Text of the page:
Prelude (Toccata) and Fugue in E major, BWV 566

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Prelude (Toccata) and Fugue in (C or) E major, BWV 566 is an organ work written by Johann Sebastian Bach in 1708. It comprises four sections and is an early[1] work of Bach's.

Its form resembles the Preludes and Fugues of Buxtehude. The first section alternates manual or pedal cadenzas with dense suspended chords. The second is a charming fughetta with much repetition following the circle of fifths. The third section is a brief flourish for manuals, ending with an even briefer pedal cadenza punctuated with 9-voice chords. The fourth section, in 3/4 time, is a second fugue with a rhythmic subject resembling the theme of the first fughetta.

Bach also wrote a transposed version of the piece in C major, to play on organs tuned in meantone where E major would sound discordant due to the organ's temperament. Various recordings of the C major version exist mainly on historic instruments, for example Ton Koopman's recording on the Schnitger organ in Hamburg's Jacobikirche, and Marie-Claire Alain's recording on the Silbermann organ at Freiberg Cathedral. Both have a high pitch leaving the "concert" pitch up to a tone higher than modern pitch, where the temperament is significantly unequal to merit playing it away from E major. Modern organs or those tuned to a more equal temperament do not have this need.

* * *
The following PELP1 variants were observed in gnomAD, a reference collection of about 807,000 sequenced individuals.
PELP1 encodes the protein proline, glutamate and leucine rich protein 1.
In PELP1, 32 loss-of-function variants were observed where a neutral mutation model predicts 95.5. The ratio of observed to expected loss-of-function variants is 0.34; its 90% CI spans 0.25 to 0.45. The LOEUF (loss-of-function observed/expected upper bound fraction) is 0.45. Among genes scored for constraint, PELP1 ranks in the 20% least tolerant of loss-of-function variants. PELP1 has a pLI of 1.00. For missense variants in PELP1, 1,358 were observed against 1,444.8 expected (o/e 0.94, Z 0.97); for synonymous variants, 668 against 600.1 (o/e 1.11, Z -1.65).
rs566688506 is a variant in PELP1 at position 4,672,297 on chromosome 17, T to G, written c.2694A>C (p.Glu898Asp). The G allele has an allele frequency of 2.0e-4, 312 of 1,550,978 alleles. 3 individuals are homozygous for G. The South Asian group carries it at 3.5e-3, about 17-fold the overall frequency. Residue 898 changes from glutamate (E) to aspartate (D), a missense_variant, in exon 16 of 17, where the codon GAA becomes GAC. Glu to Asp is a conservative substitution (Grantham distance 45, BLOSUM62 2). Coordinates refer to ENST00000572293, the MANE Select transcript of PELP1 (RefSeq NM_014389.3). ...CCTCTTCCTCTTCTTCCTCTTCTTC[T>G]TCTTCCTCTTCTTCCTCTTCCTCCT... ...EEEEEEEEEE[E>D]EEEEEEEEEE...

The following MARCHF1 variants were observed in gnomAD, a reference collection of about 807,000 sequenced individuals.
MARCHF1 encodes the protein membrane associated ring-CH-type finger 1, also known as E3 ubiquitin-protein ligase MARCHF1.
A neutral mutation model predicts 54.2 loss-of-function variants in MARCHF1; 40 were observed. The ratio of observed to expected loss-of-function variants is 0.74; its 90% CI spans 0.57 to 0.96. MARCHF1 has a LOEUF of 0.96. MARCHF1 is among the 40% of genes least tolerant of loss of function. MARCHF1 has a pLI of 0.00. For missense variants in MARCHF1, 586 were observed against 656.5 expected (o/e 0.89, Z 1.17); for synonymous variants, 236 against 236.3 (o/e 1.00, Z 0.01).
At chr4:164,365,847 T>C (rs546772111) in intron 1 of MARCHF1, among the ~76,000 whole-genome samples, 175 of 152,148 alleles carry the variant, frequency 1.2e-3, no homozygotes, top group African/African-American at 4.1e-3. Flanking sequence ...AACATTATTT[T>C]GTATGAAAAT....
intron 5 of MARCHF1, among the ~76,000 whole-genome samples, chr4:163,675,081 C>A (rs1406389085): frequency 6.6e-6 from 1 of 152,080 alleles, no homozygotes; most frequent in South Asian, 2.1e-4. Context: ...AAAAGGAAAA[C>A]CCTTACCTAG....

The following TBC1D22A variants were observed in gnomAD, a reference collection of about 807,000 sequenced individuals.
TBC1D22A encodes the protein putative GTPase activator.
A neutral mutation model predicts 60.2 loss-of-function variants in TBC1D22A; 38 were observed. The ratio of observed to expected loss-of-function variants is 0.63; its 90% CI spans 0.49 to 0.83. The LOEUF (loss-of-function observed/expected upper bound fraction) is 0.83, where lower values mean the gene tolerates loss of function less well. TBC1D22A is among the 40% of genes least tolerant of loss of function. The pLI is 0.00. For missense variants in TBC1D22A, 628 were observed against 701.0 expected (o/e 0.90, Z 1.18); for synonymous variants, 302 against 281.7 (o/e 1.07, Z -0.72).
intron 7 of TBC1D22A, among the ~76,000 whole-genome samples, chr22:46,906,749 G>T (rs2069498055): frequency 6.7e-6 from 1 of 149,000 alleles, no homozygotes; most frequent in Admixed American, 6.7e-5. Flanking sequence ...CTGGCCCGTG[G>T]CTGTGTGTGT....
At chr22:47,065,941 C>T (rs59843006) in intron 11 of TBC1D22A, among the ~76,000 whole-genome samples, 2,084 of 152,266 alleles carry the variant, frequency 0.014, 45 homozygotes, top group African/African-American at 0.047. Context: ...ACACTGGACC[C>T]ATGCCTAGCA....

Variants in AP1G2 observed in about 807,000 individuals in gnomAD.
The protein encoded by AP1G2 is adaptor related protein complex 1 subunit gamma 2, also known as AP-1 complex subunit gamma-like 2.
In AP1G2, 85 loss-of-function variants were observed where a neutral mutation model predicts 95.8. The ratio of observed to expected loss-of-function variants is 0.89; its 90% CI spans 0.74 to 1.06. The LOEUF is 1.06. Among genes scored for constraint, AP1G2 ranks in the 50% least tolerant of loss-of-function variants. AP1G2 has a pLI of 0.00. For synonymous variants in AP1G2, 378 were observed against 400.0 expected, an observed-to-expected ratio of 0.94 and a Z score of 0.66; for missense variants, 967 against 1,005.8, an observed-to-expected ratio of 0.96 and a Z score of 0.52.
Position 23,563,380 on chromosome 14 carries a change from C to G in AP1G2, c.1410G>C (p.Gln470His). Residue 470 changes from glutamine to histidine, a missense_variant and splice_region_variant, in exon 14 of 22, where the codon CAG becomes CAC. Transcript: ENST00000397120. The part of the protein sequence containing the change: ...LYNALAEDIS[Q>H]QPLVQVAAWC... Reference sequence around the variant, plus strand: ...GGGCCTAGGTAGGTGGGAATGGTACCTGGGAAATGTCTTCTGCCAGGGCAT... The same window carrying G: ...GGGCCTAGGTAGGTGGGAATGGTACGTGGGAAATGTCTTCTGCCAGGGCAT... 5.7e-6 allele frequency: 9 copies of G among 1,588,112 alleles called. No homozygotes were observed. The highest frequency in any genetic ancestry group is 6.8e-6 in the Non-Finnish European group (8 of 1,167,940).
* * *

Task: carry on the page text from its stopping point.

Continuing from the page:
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References[edit]

  1. ^ Jones, Richard D.P. (2007), The creative development of Johann Sebastian Bach 1, New York: Oxford University Press Inc., ISBN 978-0-19-816440-1 

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